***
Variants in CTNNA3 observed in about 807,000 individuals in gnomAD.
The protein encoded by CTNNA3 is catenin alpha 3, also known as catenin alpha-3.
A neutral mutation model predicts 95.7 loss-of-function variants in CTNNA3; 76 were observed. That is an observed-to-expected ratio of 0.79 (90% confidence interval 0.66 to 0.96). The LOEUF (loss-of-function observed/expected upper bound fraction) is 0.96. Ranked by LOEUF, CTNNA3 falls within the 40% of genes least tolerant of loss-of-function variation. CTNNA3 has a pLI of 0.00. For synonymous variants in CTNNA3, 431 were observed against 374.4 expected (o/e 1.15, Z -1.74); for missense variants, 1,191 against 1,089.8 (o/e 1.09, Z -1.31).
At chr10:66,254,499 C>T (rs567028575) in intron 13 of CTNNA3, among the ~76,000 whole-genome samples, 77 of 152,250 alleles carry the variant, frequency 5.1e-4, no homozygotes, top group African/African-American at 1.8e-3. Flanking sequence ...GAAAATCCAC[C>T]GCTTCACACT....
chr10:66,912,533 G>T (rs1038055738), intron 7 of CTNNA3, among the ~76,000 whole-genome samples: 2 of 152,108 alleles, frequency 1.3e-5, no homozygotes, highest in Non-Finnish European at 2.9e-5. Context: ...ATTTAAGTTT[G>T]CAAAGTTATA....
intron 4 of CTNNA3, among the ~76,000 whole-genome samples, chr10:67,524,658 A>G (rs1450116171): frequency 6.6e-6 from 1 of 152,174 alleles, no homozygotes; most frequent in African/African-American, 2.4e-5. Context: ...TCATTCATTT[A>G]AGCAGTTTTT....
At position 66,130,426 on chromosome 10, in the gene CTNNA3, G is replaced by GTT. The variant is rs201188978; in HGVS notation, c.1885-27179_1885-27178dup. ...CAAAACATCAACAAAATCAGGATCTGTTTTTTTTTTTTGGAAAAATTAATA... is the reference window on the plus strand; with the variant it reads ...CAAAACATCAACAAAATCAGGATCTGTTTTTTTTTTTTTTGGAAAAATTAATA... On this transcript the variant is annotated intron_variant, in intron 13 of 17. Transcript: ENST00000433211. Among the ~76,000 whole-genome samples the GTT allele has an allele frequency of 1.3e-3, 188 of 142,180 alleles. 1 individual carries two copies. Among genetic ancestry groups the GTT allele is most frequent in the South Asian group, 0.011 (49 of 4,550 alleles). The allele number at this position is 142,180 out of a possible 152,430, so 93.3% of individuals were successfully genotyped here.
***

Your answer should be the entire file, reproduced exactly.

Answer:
Variants in CTNNA3 observed in about 807,000 individuals in gnomAD.
The protein encoded by CTNNA3 is catenin alpha 3, also known as catenin alpha-3.
A neutral mutation model predicts 95.7 loss-of-function variants in CTNNA3; 76 were observed. That is an observed-to-expected ratio of 0.79 (90% confidence interval 0.66 to 0.96). The LOEUF (loss-of-function observed/expected upper bound fraction) is 0.96. Ranked by LOEUF, CTNNA3 falls within the 40% of genes least tolerant of loss-of-function variation. CTNNA3 has a pLI of 0.00. For synonymous variants in CTNNA3, 431 were observed against 374.4 expected (o/e 1.15, Z -1.74); for missense variants, 1,191 against 1,089.8 (o/e 1.09, Z -1.31).
At chr10:66,254,499 C>T (rs567028575) in intron 13 of CTNNA3, among the ~76,000 whole-genome samples, 77 of 152,250 alleles carry the variant, frequency 5.1e-4, no homozygotes, top group African/African-American at 1.8e-3. Flanking sequence ...GAAAATCCAC[C>T]GCTTCACACT....
chr10:66,912,533 G>T (rs1038055738), intron 7 of CTNNA3, among the ~76,000 whole-genome samples: 2 of 152,108 alleles, frequency 1.3e-5, no homozygotes, highest in Non-Finnish European at 2.9e-5. Context: ...ATTTAAGTTT[G>T]CAAAGTTATA....
intron 4 of CTNNA3, among the ~76,000 whole-genome samples, chr10:67,524,658 A>G (rs1450116171): frequency 6.6e-6 from 1 of 152,174 alleles, no homozygotes; most frequent in African/African-American, 2.4e-5. Context: ...TCATTCATTT[A>G]AGCAGTTTTT....
At position 66,130,426 on chromosome 10, in the gene CTNNA3, G is replaced by GTT. The variant is rs201188978; in HGVS notation, c.1885-27179_1885-27178dup. ...CAAAACATCAACAAAATCAGGATCTGTTTTTTTTTTTTGGAAAAATTAATA... is the reference window on the plus strand; with the variant it reads ...CAAAACATCAACAAAATCAGGATCTGTTTTTTTTTTTTTTGGAAAAATTAATA... On this transcript the variant is annotated intron_variant, in intron 13 of 17. Transcript: ENST00000433211. Among the ~76,000 whole-genome samples the GTT allele has an allele frequency of 1.3e-3, 188 of 142,180 alleles. 1 individual carries two copies. Among genetic ancestry groups the GTT allele is most frequent in the South Asian group, 0.011 (49 of 4,550 alleles). The allele number at this position is 142,180 out of a possible 152,430, so 93.3% of individuals were successfully genotyped here.